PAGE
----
The Zoological Survey of India (ZSI) has underlined some green rules for the living root bridges of Meghalaya to get the UNESCO World Heritage Site tag.
Meghalaya Chief Minister Conrad K. Sangma pitched for UNESCO recognition as the hill State marked its 50th year of creation. Meghalaya has been celebrating its Statehood Day on January 21 since 1972.
A living root bridge is like a suspension bridge formed by guiding the pliable roots of the rubber fig tree ( Ficus elastica ) across a stream or river and allowing the roots to grow and strengthen over time. There are no records to suggest when the Khasi community started the living root bridge tradition, but ecologists say it highlights the symbiotic relationship between people and nature. Such a bridge is locally called jingkieng jri .
ZSI Director Dhriti Banerjee said faunal diversity and the preparation of health cards would be the prerequisites for Meghalaya’s living root bridges to earn the UNESCO tag.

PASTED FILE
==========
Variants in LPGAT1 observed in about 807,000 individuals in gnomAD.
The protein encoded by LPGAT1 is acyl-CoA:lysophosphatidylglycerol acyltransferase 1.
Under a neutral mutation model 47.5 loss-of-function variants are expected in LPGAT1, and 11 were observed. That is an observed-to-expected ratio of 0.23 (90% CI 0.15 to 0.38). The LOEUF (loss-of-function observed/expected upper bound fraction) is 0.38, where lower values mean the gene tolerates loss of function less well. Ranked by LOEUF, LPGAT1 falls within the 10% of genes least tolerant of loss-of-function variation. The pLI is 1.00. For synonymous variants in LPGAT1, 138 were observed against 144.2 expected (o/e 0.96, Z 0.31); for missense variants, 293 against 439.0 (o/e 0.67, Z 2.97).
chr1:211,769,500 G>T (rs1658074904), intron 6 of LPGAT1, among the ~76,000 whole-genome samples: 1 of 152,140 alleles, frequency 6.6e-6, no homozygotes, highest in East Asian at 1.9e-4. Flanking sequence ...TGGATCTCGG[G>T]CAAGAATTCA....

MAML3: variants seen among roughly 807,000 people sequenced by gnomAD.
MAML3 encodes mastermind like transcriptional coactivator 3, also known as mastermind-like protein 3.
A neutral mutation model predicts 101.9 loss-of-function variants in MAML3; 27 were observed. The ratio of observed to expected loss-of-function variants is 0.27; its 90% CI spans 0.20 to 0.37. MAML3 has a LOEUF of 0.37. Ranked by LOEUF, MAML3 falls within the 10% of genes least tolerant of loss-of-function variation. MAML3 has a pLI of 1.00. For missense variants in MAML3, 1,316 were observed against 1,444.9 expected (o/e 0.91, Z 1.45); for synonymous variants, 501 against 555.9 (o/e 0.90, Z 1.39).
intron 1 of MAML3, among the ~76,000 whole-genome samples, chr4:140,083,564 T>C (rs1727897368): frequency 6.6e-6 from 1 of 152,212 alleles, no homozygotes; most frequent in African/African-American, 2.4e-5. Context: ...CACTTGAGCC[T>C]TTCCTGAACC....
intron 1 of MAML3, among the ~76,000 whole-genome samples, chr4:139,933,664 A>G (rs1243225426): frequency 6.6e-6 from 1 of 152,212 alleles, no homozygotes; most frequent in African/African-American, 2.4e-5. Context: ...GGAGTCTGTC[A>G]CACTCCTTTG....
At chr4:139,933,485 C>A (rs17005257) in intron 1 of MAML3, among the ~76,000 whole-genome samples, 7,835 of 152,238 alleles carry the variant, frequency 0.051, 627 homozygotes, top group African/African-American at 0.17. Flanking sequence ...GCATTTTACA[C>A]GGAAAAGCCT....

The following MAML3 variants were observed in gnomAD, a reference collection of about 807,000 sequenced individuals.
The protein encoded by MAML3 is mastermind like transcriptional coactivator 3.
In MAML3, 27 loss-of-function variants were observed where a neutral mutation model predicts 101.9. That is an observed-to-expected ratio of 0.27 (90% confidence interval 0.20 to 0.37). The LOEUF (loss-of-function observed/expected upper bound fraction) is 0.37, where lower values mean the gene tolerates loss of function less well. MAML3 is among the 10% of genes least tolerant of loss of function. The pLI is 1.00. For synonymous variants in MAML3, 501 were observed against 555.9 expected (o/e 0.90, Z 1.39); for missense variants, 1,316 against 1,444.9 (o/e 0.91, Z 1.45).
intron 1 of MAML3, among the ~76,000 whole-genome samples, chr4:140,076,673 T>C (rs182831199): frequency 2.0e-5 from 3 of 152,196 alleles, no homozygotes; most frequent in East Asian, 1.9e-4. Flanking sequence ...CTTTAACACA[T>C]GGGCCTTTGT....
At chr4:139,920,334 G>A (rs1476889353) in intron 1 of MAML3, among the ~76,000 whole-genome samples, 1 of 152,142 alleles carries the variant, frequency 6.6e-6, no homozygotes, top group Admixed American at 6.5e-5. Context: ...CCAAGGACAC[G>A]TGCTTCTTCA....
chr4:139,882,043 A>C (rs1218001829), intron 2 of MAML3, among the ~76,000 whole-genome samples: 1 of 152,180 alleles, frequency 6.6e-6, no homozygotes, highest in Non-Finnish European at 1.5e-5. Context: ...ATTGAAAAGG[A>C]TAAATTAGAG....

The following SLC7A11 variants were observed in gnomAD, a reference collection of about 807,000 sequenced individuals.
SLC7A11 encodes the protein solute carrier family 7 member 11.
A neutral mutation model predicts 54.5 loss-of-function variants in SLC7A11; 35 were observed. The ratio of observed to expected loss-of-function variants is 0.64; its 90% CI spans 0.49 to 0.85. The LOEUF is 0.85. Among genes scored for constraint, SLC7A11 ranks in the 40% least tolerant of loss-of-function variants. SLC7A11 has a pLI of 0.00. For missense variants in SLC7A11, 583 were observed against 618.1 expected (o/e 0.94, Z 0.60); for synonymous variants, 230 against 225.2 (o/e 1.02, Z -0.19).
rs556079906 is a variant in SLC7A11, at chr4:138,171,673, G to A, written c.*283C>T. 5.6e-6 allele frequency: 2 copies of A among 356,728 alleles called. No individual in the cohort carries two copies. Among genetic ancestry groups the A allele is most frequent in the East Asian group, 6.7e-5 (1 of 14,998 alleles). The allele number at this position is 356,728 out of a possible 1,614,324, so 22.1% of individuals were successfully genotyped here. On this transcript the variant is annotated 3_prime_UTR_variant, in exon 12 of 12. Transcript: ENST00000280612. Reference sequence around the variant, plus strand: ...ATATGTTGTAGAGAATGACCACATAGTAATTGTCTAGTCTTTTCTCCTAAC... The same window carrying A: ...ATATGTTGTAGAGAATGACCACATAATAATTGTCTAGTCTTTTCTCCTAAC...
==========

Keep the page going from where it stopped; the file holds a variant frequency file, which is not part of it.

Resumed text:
The State government had a few days ago organised a national convention and a preparatory field visit of ZSI scientists to assess the community and science-based conservation, research and development of the living root bridges.
“These bridges support many birds, animals, lichens, mushrooms, flowers and trees and allow the humans to cross over for their living,” Mr. Sangma had said ahead of the convention.
The ZSI team visited some sites in the East Khasi Hills district for the assessment of faunal diversity.